Why is E&O necessary from a legal perspective?

E&O insurance film | errors and omissions insurance film:

Remy Khouzam (Lawyer)
: The reality of the North American market, at the very least, is that E&O insurance is required and producers must obtain it because broadcasters, distributors, public sector financiers, etc. will require it.

So, why is it a good idea for a producer to get E&O insurance apart from the fact that they have to? It protects them in case of a claim under trademark infringement, copyright infringement, invasion of privacy, defamation issues and these claims can be very expensive and costs can rise quickly. Having the E&O insurance in place will allow you to cover those costs.


About: Lussier & Khouzam is a Canadian law firm specialized in Arts and Entertainment law. Visit their website at

Topics: Film Producer's E&O Insurance, Script Clearance reports, Defamation insurance, Trademark, Legal expense

Protecting your script with Producers E&O insurance

Posted by David Hamilton on Oct 2, 2018 2:27:48 PM

Producer's E&O Insurance

Ensure Your Story is Told. Protect your Script.

Your team has recently secured the rights to a popular book, and you’re ready to make it into a feature film. You’re excited to get started bringing the concept and promise of the book to life, and you hire a respected screenwriter to adapt the book for the screen. You’re working on revisions when suddenly a letter arrives from another screenwriter who claims that he pitched a very similar script to the director not long ago.

All of a sudden, things aren’t going to plan...

Legal counsel to defend such cases is costly, and even if the matter is resolved without a lawsuit it will still drain valuable time from your production schedule.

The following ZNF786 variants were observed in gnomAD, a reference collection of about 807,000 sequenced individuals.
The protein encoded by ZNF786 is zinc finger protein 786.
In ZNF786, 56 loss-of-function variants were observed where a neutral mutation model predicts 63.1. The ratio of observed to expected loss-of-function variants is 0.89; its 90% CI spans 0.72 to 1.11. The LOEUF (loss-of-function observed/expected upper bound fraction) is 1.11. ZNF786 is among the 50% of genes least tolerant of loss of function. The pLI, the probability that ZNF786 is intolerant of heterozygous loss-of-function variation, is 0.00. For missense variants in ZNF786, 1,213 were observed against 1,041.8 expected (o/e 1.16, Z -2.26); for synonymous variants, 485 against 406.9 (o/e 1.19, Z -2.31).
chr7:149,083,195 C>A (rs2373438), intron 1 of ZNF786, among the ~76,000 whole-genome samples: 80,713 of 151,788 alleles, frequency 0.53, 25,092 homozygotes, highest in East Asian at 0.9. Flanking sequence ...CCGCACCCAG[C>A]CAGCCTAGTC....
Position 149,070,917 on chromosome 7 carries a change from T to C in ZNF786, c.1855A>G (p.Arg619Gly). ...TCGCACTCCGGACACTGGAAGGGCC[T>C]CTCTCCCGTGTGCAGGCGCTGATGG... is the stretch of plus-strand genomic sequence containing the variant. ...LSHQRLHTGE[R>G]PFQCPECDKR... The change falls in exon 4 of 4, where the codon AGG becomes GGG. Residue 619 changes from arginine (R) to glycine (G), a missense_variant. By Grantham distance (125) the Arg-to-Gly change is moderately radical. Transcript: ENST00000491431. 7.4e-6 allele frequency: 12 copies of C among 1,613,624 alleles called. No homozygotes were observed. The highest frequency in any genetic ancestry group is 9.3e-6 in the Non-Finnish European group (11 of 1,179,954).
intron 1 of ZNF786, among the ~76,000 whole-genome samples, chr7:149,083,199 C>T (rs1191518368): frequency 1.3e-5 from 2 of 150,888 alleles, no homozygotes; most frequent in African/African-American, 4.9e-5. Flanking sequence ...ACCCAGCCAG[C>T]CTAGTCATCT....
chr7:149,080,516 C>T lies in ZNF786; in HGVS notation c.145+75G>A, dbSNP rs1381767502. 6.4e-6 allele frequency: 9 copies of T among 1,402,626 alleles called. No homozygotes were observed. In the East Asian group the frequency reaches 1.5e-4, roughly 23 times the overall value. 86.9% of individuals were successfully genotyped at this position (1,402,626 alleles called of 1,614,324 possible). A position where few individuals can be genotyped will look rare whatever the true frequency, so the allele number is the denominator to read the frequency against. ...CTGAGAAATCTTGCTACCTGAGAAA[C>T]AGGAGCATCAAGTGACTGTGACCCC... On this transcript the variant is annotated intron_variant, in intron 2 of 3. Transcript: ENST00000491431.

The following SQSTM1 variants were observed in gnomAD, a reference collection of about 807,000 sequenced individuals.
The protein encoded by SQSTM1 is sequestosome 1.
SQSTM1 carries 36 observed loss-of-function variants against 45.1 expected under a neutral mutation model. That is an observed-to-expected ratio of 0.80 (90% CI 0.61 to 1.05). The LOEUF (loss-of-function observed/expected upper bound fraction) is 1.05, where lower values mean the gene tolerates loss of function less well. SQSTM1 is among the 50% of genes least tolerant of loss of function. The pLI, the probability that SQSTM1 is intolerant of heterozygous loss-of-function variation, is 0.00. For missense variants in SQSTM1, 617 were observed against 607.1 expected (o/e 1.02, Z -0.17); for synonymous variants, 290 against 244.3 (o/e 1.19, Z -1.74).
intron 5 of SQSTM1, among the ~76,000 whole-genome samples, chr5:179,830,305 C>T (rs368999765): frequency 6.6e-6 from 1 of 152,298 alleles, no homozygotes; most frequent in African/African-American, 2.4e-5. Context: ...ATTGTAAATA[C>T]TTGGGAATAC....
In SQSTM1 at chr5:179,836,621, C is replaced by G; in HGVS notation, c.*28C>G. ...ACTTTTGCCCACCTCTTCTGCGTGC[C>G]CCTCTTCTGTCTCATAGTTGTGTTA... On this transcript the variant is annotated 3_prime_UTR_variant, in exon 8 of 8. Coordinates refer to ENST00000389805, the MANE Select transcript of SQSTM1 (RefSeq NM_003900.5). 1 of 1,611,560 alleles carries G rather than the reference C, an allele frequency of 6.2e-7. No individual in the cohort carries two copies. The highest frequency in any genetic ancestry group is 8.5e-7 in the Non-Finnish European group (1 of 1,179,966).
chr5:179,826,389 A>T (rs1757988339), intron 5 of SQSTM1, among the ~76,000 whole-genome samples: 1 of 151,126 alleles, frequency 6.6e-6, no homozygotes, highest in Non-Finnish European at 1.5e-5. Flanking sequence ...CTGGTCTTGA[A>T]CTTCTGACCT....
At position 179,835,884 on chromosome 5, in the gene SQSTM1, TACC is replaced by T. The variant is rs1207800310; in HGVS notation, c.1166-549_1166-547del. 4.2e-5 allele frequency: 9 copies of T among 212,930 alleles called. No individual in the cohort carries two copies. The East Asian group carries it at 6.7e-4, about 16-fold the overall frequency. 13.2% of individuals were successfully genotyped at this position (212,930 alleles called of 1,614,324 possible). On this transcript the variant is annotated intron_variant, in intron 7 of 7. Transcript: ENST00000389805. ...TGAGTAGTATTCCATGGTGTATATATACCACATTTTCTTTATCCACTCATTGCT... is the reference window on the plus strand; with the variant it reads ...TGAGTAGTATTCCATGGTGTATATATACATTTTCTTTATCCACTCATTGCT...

No amount of preparation can totally eliminate the risk.

That’s why even when you know you’ve covered your bases, you still need insurance to protect you if something goes wrong. That’s where Errors & Omissions insurance (“E&O”) can help.

Among other things, it offers protection against:

  • Claims of plagiarism
  • Libel/slander accusations
  • Accusations of defamation of character or invasion of privacy
  • Lawsuits arising from alleged unauthorized use of:
  1. Titles
  2. Formats
  3. Ideas
  4. Characters
  5. Plots

The policy will pay for legal defense if a third party sues you for the above reasons, even if the claim has no merit, and provides peace of mind after your initial due diligence is completed. Finally and perhaps most importantly, many distributors require that you have this coverage in place prior to green-lighting release of your film.

Don’t let your film get derailed before it even gets on track; contact us to ensure you have the right coverage.

Related Post: Best Practices When Reviewing Scripts



E&O Insurance 101 & How to Protect Your Film Project

E&O: What You Need to Know

E&O: Cost

Are you paying for the coverage you need?

Steps to Obtain

Producer Errors and Omissions

E&O: Reviewing Scripts

Distributor Errors and Omissions

Documentary E&O Insurance

Copyright Reports

How much of your film is copyright-able?

Copyright Infringements

Title Reports

Script Clearance Reports

Clearance Procedures

Claims Made vs. Occurrence

Fair Use

False Light Accusations

The value of a lawyer

To get or not get permission: The Social Network

A production lawyer's guide to obtaining E&O insurance and preventing litigation

Topics: Film Producer's E&O Insurance, Legal expense